Cardinals right-hander Shelby Miller was ranked fourth overall among all prospects by our Marc Hulet on his preseason top-100 list and within the top 10 on most other lists of that sort. Despite a poor start to his season at Triple-A Memphis, Miller was excellent over his last 10 starts there, posting a 70:7 strikeout-to-walk ratio in 59 innings.
After being officially recalled to the majors on Tuesday, Miller made his major-league debut in relief on Wednesday afternoon against the New York Mets, posting this mostly cartoonish line in a 6-2 Cardinals loss (box): 2.0 IP, 7 TBF, 4 K, 0 BB, 2 GB on 3 batted-balls (66.7%), -0.16 xFIP.
Below is a brief examination of what Miller threw in his first major-league appearance — along with some Action Footage™ of how threw it.
Reports on Miller’s fastball (a) generally situate it in the mid-90s somewhere and (b) are almost entirely glowing. Indeed, Miller’s fastball produced great results on Wednesday: he recorded four whiffs on 21 thrown (19.1%), which is considerably above league average for the pitch (which itself is around 7%). He also got called strikes with the fastball on a pair of two-strike counts (against Ruben Tejada and Lucas Duda). In sum, Miller’s fastball was worth 1.2 runs above average in just this single outing.
Regarding Miller’s velocity, however, it wasn’t at all consistent in his two-inning appearance — or, rather, it consistently rose as he went along.
Consider, for example, this hastily crafted graph-chart:
Miller’s 21st and final fastball was more than 5 mph faster than the first one he threw. That Miller’s velocity increased runs contrary to that idea we might have of how a pitcher — one making his debut, in particular — might be affected by adrenaline or nerves. Complicating any conclusions we might reach about Miller’s velocity is the fact that this was, quite literally, his first relief appearance as a professional.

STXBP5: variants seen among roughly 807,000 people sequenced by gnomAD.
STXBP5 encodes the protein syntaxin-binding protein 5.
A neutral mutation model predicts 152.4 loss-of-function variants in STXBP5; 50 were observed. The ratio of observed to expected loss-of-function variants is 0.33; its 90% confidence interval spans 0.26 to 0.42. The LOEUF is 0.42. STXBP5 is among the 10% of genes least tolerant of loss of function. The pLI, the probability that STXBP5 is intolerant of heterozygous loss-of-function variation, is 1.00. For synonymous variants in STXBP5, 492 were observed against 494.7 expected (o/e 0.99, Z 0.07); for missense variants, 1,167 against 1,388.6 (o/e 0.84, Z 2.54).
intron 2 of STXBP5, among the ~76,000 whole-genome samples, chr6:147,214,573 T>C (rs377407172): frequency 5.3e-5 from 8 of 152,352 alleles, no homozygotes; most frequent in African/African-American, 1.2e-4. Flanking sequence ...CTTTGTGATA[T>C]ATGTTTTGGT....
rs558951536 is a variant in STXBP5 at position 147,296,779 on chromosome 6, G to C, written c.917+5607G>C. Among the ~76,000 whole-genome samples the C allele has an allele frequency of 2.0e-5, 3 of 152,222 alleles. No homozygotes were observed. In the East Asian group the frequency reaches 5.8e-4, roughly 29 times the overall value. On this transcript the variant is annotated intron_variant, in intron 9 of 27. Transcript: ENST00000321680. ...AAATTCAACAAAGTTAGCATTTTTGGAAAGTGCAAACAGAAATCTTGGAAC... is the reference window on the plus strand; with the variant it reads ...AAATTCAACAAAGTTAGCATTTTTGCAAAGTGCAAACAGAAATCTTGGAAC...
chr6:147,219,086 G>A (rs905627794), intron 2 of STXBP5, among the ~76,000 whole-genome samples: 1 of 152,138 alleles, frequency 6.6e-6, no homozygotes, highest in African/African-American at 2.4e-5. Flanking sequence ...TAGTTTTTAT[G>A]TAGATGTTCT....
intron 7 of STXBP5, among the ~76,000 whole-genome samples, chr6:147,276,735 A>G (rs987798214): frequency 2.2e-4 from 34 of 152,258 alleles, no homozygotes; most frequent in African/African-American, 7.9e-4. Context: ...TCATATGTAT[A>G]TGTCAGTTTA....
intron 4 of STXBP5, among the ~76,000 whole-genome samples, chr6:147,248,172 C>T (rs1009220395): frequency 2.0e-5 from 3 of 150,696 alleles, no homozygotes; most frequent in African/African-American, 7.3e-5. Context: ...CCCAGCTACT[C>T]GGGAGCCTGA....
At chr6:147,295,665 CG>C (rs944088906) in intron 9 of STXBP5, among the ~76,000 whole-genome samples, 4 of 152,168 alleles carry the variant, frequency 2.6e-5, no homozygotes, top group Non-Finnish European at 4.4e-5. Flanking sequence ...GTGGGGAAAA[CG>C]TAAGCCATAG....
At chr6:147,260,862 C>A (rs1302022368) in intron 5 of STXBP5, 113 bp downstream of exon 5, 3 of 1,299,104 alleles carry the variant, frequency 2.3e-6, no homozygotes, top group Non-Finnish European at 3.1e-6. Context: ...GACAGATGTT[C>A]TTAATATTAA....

Here’s footage of Miller’s fastestball, a called strike three at 95 mph against Lucas Duda to end the seventh inning:
And here’s Miller striking out a resigned-looking Ike Davis, also in the seventh. Note: all of Miller’s fastballs to left-handed batters were middle of the plate and away.
Miller threw five changeups on Wednesday, all of them against left-handed batters (although, it should be noted, 23 of the 29 total pitches he threw were to left-handed batters). Miller threw his change on the hard side, between 84 and 87 mph, against the Mets, and occasionally with armside run in the 9-inch area (as opposed to league average, which is generally around 6-7 inches).
Here’s Miller throwing one of his runnier* changeups and inducing a swinging-strike from Daniel Murphy:
*Denotes technical scouting term.
PITCHf/x suggests that Miller threw two curveballs and one slider on Wednesday, but reports on the right-hander generally identify just the former of those two pitches. As one can see from this PITCHf/x chart of Miller’s appearance — and, specifically, the triumvirate of data points apart from the others — the three pitches were not terribly different in terms either of horizontal or vertical movement (while the range in velocity, 78-82, was also rather small):
Of the three curves Miller threw, two of them were to right-handed batters (i.e. one-third of the pitches he threw to right-handers) — nor it would be surprising to see Miller utilize the curve more often against right-handed than left-handed batters in the future.
Here’s a curve thrown by Miller at 78 mph to Ruben Tejada in the seventh inning, to open the latter’s plate appearance:
Data from Brooks Baseball was helpful in the composition of this post.
Carson Cistulli has published a book of aphorisms called Spirited Ejaculations of a New Enthusiast.